There are some papers of Date A.W. where it is said that the correction could be applied in mass flux in momentum equation. But the superiority of this approach compared with the one consisting in applying the Rhie and Chow correction in the mass flux of the right hand side of pressure correction equation has never been demonstrated. The both can be done and work fine.
If you read the bible: Computational Methods for Fluid dynamics from Peric you will see that Rhie and chow correction (m+) is applied in the mass flux of the right hand side of pressure correction equation.


Quote:

2. Just for fun last month I did try using m and not m+ in momentum equation and used m+ in pressure equation. This method is not stable. It does not converge in more than 95% of cases. It converged for only 1 case out of few i tried. So using m in momentum equation does not work for collocated arrangement.
So there is a bugg in your program or implementation .
Because in my code, I use m+ in pressure equation only and it works fine for every cases.
In the codes of Peric (comet and others ) m+ is used in pressure equation.
and I could risk my hand that it is the same in Star-CD
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Old   January 6, 2012, 18:53
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Quote:
Originally Posted by leflix View Post
Yes it is what I mean !


If you read the bible: Computational Methods for Fluid dynamics from Peric you will see that Rhie and chow correction (m+) is applied in the mass flux of the right hand side of pressure correction equation.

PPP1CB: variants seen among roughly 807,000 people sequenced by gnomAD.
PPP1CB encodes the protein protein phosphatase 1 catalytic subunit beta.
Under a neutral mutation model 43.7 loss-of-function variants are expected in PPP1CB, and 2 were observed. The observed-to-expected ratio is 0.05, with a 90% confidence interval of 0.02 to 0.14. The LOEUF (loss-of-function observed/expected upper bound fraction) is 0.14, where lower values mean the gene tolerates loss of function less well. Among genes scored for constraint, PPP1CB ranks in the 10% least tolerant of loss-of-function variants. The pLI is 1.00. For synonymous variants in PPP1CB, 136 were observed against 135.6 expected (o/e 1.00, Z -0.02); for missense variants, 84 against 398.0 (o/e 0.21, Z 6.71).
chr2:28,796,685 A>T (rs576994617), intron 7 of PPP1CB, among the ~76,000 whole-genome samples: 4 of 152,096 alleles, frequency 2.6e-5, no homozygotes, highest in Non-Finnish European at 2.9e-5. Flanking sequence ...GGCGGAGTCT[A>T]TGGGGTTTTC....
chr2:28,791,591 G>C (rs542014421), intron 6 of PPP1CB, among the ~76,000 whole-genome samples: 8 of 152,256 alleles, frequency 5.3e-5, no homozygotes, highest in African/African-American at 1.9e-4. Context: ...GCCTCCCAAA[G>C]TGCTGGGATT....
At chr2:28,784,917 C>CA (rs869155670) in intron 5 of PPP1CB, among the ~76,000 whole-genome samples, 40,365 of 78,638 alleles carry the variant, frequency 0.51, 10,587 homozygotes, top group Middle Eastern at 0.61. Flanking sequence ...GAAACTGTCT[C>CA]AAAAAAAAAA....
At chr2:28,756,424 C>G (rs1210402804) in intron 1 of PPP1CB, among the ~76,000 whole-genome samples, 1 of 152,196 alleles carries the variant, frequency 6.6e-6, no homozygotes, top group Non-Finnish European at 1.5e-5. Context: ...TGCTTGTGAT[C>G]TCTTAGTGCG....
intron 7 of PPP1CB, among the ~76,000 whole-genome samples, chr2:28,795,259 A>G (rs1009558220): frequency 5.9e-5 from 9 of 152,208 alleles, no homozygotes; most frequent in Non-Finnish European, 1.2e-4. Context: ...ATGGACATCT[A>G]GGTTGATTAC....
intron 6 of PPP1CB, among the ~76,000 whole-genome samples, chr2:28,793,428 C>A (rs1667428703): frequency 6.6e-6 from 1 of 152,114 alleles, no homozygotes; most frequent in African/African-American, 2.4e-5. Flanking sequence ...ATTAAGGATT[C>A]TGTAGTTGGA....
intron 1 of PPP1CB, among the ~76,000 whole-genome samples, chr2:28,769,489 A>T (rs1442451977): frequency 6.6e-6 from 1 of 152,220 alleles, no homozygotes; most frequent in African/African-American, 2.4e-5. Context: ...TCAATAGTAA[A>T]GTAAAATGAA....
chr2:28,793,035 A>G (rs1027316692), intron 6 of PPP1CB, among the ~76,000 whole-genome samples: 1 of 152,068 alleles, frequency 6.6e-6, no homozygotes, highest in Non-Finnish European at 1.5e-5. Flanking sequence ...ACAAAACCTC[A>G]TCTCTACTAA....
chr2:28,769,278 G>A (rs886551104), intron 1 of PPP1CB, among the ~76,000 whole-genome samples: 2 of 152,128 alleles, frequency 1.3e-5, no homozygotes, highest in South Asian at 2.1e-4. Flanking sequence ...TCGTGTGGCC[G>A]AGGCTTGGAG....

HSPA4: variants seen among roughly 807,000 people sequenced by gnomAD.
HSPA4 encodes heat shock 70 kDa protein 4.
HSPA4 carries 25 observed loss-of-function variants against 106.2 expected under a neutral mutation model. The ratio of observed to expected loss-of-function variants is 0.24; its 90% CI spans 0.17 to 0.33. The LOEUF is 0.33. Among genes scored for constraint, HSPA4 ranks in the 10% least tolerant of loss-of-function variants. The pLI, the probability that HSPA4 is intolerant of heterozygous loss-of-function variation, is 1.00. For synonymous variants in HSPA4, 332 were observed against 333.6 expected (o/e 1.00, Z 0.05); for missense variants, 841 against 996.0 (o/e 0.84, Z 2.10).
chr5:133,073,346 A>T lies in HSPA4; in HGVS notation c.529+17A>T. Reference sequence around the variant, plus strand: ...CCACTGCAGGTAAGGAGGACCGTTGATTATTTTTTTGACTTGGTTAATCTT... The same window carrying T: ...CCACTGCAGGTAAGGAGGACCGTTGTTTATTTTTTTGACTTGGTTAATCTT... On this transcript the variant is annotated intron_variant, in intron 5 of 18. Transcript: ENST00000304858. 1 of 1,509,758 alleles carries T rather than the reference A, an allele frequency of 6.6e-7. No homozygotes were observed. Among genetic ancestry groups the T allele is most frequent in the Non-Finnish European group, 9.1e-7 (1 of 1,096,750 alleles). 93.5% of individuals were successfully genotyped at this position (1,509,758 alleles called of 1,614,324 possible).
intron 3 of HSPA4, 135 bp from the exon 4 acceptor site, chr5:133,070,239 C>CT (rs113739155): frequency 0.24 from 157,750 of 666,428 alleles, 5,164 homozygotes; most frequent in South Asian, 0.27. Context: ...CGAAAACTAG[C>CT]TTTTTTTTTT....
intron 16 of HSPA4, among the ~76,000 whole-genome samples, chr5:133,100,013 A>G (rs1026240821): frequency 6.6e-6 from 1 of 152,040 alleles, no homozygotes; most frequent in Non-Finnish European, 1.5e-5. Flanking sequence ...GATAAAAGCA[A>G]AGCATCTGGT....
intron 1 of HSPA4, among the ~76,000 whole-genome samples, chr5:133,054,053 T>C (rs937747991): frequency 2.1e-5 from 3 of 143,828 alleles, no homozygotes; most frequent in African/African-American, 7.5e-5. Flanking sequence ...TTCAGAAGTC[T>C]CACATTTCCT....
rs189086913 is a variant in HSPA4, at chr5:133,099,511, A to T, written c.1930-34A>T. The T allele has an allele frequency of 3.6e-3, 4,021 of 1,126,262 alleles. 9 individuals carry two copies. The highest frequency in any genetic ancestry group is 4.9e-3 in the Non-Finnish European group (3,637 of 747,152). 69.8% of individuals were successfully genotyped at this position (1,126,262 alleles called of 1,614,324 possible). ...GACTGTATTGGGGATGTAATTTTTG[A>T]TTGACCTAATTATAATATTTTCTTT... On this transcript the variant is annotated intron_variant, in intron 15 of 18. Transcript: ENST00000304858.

So there is a bugg in your program or implementation .
Because in my code, I use m+ in pressure equation only and it works fine for every cases.
In the codes of Peric (comet and others ) m+ is used in pressure equation.
and I could risk my hand that it is the same in Star-CD

Interesting you say so, but Mr. Peric himself disagree with you. According to Mr. Peric in starccm+ the m+ is used in momentum equation and anyother place where mass flux is required. (This is based on my personal discussion with him).


Further I do not think there is a bug in my program because it is as stable as any commercial solver out there. I have run it with very very difficult or bad meshes still able to converge with using m+ in momentum.

Could you point me to any paper or study where somebody has used m only in momentum equation for collocated grid. I tried this approach because I felt it would be more stable but it turned out to be opposite of what I thought.
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Old   January 7, 2012, 14:46
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Quote:
Originally Posted by arjun View Post
Interesting you say so, but Mr. Peric himself disagree with you. According to Mr. Peric in starccm+ the m+ is used in momentum equation and anyother place where mass flux is required. (This is based on my personal discussion with him).

I just follow what is written in his book, and in his codes too...
But everybody has right to change his mind... ;-)

Quote: